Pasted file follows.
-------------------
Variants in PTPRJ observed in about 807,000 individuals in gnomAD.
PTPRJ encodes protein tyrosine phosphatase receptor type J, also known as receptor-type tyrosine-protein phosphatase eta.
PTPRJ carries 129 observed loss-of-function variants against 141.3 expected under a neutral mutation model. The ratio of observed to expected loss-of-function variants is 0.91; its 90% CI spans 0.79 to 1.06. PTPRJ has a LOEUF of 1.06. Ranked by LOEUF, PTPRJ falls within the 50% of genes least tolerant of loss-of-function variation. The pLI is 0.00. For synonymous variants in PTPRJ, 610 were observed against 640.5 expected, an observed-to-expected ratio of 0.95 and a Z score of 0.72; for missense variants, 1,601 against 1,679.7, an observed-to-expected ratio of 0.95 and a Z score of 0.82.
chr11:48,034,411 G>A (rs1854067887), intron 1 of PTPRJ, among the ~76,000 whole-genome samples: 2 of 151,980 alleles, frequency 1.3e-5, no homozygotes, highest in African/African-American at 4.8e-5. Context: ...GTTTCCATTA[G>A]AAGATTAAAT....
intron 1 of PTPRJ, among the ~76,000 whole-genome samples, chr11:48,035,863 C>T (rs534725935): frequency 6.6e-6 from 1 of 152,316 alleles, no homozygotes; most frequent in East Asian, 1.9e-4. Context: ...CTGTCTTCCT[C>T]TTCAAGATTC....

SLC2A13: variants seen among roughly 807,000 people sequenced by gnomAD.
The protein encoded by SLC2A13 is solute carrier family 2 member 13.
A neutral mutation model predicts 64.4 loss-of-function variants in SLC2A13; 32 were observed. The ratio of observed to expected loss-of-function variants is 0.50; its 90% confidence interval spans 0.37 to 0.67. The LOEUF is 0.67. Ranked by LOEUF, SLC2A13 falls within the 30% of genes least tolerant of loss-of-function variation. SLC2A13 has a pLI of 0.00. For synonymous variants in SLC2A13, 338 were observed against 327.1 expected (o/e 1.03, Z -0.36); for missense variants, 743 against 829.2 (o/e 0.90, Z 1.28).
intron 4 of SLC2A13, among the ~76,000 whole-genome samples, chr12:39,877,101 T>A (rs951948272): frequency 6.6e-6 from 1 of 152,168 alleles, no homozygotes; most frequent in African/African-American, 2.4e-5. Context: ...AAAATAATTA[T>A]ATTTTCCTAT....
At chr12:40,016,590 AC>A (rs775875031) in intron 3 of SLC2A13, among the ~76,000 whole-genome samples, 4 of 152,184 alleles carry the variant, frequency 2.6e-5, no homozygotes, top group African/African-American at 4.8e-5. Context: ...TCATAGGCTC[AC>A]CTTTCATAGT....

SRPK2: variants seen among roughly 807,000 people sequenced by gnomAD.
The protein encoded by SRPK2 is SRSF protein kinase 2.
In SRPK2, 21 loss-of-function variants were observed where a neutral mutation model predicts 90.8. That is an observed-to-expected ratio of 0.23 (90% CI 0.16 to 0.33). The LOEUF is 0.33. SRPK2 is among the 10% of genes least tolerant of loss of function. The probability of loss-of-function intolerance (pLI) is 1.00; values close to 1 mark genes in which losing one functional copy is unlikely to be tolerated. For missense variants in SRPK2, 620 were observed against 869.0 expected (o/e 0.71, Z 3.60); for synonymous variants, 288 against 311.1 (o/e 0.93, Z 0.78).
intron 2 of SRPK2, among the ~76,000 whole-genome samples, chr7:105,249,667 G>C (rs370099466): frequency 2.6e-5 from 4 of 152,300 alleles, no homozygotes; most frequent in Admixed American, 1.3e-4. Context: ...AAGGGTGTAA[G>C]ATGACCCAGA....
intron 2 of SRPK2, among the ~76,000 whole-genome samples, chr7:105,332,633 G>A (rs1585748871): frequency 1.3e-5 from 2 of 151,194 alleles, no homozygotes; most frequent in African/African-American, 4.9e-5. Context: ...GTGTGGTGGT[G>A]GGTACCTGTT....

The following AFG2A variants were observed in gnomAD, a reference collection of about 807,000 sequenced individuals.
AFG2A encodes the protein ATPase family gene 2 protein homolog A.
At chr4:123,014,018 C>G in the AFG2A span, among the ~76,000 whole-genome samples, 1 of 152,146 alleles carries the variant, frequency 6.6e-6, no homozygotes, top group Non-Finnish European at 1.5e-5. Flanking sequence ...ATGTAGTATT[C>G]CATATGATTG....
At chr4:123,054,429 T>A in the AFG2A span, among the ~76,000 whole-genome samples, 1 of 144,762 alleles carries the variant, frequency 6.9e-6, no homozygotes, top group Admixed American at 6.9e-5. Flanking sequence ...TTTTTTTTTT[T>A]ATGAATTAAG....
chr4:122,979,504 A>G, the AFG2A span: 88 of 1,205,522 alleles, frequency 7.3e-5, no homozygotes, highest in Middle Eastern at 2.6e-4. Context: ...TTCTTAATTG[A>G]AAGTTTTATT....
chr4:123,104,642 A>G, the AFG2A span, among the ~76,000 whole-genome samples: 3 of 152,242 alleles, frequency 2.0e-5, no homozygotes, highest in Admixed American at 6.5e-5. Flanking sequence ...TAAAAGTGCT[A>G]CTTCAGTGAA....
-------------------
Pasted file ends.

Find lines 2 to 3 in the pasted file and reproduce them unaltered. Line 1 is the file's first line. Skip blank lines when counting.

PTPRJ encodes protein tyrosine phosphatase receptor type J, also known as receptor-type tyrosine-protein phosphatase eta.
PTPRJ carries 129 observed loss-of-function variants against 141.3 expected under a neutral mutation model. The ratio of observed to expected loss-of-function variants is 0.91; its 90% CI spans 0.79 to 1.06. PTPRJ has a LOEUF of 1.06. Ranked by LOEUF, PTPRJ falls within the 50% of genes least tolerant of loss-of-function variation. The pLI is 0.00. For synonymous variants in PTPRJ, 610 were observed against 640.5 expected, an observed-to-expected ratio of 0.95 and a Z score of 0.72; for missense variants, 1,601 against 1,679.7, an observed-to-expected ratio of 0.95 and a Z score of 0.82.